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Paul Lieberstein

Blu-Ray, TV Review: ‘The Office’ Never Better With Amazing Blu-Ray, Season Premiere

The Office Season Six Premiere

CHICAGO – The Blu-Ray release of the fifth season of “The Office” is a thing of beauty. It is one of the best comedy on Blu-Ray releases to date, not only because the show has arguably never been better but because everything about the season set has been crafted with the fan’s best interests in mind. After you watch the very funny season premiere tonight, go back and pick up a must-own Blu-Ray set.

Post Super Bowl Edition of ‘The Office’ Scores Comedy Field Goal

The Office
HollywoodChicago.com Television Rating: 3.5/5.0
Television Rating: 3.5/5.0

CHICAGO – What a network chooses to put in its post-Super Bowl spot says a lot about what they are most commercially and creatively confident about on their schedule.

Amy Ryan of ‘Gone Baby Gone,’ ‘The Wire’ Signs Onto New Episodes of NBC Hit TV Show ‘The Office’

Amy Ryan of Gone Baby Gone, The Wire, The Office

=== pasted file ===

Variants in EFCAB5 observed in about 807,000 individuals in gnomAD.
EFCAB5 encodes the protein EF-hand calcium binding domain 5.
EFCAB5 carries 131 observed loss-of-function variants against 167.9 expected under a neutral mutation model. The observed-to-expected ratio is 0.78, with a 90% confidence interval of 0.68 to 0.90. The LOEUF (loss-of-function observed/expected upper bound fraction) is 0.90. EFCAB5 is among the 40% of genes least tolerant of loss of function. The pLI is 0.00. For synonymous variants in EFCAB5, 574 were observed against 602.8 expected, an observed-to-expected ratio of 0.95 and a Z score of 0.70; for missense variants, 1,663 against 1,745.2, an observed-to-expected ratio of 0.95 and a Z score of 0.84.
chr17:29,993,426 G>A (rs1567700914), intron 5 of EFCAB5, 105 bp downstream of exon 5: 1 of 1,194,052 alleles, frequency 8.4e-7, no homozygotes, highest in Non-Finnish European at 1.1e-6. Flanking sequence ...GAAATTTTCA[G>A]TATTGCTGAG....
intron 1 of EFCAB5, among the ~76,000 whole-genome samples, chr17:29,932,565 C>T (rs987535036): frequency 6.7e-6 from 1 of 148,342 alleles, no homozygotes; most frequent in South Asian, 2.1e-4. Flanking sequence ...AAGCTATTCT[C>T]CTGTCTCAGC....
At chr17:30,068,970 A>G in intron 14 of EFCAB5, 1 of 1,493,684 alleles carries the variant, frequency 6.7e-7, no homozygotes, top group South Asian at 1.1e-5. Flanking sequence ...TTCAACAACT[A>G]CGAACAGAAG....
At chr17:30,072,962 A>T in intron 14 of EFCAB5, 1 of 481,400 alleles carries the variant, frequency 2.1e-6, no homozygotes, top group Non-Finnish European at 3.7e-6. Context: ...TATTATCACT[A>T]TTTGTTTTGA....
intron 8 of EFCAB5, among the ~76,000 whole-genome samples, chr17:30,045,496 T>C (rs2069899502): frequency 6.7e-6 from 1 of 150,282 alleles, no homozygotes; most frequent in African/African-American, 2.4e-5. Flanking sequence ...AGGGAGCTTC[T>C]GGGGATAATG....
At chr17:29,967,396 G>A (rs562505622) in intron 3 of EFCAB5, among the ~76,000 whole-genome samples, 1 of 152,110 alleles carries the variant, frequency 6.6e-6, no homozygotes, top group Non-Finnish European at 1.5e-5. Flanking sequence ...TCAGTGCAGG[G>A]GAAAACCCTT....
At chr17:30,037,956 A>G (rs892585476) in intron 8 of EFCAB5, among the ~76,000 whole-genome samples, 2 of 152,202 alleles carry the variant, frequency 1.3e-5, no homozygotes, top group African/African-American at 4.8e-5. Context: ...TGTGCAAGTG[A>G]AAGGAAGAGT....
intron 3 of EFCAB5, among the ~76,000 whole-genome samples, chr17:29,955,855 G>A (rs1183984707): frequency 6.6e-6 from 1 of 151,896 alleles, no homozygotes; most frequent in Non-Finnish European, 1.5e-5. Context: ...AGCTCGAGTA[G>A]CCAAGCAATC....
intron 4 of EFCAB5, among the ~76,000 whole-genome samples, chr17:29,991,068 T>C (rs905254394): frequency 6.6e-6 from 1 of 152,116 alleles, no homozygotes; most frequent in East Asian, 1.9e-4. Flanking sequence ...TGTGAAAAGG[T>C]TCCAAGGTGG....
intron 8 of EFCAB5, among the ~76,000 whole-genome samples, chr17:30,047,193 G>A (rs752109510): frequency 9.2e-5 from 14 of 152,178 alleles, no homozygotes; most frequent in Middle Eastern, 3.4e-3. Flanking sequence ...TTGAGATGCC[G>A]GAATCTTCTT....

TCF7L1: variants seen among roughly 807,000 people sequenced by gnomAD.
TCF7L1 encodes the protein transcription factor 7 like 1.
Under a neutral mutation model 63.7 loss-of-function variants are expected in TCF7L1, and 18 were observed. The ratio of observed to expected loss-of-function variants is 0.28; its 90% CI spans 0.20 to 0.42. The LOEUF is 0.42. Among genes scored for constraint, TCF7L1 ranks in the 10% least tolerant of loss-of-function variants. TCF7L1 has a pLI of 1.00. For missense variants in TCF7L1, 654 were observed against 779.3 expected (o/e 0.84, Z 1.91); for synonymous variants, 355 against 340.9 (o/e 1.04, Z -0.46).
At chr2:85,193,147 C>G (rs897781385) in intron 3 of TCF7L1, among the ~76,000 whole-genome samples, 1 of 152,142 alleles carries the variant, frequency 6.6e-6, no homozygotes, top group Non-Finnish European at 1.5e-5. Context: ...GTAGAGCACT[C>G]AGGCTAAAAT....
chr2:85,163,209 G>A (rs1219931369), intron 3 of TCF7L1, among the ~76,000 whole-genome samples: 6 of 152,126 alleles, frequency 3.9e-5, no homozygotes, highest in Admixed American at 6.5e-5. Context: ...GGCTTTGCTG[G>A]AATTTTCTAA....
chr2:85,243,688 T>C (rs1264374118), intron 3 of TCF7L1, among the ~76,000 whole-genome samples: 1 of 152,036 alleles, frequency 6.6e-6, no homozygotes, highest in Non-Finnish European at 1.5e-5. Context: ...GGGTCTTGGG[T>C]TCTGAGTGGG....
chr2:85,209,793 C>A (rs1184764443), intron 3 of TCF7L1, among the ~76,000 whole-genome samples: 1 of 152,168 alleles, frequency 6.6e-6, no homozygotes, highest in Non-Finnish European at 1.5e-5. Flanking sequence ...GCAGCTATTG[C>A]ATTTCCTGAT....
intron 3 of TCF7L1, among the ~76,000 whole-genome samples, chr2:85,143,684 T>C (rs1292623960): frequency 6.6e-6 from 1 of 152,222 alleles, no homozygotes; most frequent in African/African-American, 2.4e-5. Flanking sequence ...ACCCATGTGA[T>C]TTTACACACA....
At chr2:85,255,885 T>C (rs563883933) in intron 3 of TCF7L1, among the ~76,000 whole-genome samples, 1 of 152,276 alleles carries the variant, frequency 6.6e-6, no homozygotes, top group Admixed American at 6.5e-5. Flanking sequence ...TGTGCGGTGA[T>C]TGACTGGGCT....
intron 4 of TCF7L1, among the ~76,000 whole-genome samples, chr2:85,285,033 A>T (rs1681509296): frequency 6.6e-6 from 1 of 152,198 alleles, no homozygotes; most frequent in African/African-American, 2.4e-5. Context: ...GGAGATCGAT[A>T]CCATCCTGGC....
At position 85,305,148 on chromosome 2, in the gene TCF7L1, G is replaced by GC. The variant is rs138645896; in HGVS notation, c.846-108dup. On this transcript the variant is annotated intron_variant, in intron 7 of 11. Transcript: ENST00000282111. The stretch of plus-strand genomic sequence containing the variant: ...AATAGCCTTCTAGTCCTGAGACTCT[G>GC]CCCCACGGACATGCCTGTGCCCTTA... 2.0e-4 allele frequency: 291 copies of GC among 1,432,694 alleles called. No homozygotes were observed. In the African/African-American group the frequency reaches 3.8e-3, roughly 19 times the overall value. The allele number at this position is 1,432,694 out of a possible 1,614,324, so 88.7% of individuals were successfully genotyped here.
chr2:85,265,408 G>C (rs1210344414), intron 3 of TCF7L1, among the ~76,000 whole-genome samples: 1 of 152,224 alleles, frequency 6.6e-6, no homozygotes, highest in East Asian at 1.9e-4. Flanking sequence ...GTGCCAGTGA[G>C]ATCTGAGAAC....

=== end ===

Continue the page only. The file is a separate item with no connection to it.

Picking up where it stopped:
CHICAGO – Amy Ryan’s star just keeps rising. The breakout actress from HBO’s “The Wire,” who was nominated for a Golden Globe and Academy Award for her role in “Gone Baby Gone,” will be featured in at least five episodes on this coming season of NBC hit TV show “The Office”.

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TV, DVD, BLU-RAY & THEATER REVIEWS

  • 47 Ronin with Keanu Reeves

    CHICAGO – If you’ve ever wondered what the difference is between a director and a producer, let “47 Ronin” explain how the hierarchy of creativity hinders the evolution of even the most straightforward-sounding pitches. “47 Ronin” is the type of samurai movie set in Japan that features native actors speaking only English, while Keanu Reeves stars as an outsider clearly plunked into the picture for stateside star power.

  • A Field in England (teaser)

    CHICAGO – I can’t recommend this more. “A Field in England” is a flashback and a flash forward all at once. It’s impossible to watch without thinking of great counter culture cinema. In fact when I saw it at Fantastic Fest 2013 it played as part of a double bill with Ken Russell’s “The Devils” (1971). They made perfect cinematic companion pieces. Russell’s film concerned a wayward priest desperate to protect his 17th century city from corruption in the Church only to fall victim to group hysteria when he is, ironically, accused of witchcraft by a jealous nun.

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